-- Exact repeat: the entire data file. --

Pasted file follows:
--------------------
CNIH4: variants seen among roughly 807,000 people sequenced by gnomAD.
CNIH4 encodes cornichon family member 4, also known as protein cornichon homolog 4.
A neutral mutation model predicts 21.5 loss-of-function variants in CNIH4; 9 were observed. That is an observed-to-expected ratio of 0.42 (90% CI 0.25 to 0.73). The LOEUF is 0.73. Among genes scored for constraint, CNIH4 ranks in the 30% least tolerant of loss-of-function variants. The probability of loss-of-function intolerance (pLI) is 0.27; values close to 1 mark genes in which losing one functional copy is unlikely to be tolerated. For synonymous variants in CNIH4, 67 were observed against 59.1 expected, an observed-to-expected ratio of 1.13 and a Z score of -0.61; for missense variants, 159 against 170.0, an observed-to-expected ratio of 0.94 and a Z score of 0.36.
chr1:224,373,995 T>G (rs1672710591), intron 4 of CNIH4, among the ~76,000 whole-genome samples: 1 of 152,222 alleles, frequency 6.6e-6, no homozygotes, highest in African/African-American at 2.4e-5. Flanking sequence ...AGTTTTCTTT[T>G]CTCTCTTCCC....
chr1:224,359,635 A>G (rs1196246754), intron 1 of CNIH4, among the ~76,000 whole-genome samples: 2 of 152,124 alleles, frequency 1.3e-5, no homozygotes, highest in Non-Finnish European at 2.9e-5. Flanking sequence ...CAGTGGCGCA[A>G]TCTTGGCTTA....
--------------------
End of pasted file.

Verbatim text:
CNIH4: variants seen among roughly 807,000 people sequenced by gnomAD.
CNIH4 encodes cornichon family member 4, also known as protein cornichon homolog 4.
A neutral mutation model predicts 21.5 loss-of-function variants in CNIH4; 9 were observed. That is an observed-to-expected ratio of 0.42 (90% CI 0.25 to 0.73). The LOEUF is 0.73. Among genes scored for constraint, CNIH4 ranks in the 30% least tolerant of loss-of-function variants. The probability of loss-of-function intolerance (pLI) is 0.27; values close to 1 mark genes in which losing one functional copy is unlikely to be tolerated. For synonymous variants in CNIH4, 67 were observed against 59.1 expected, an observed-to-expected ratio of 1.13 and a Z score of -0.61; for missense variants, 159 against 170.0, an observed-to-expected ratio of 0.94 and a Z score of 0.36.
chr1:224,373,995 T>G (rs1672710591), intron 4 of CNIH4, among the ~76,000 whole-genome samples: 1 of 152,222 alleles, frequency 6.6e-6, no homozygotes, highest in African/African-American at 2.4e-5. Flanking sequence ...AGTTTTCTTT[T>G]CTCTCTTCCC....
chr1:224,359,635 A>G (rs1196246754), intron 1 of CNIH4, among the ~76,000 whole-genome samples: 2 of 152,124 alleles, frequency 1.3e-5, no homozygotes, highest in Non-Finnish European at 2.9e-5. Flanking sequence ...CAGTGGCGCA[A>G]TCTTGGCTTA....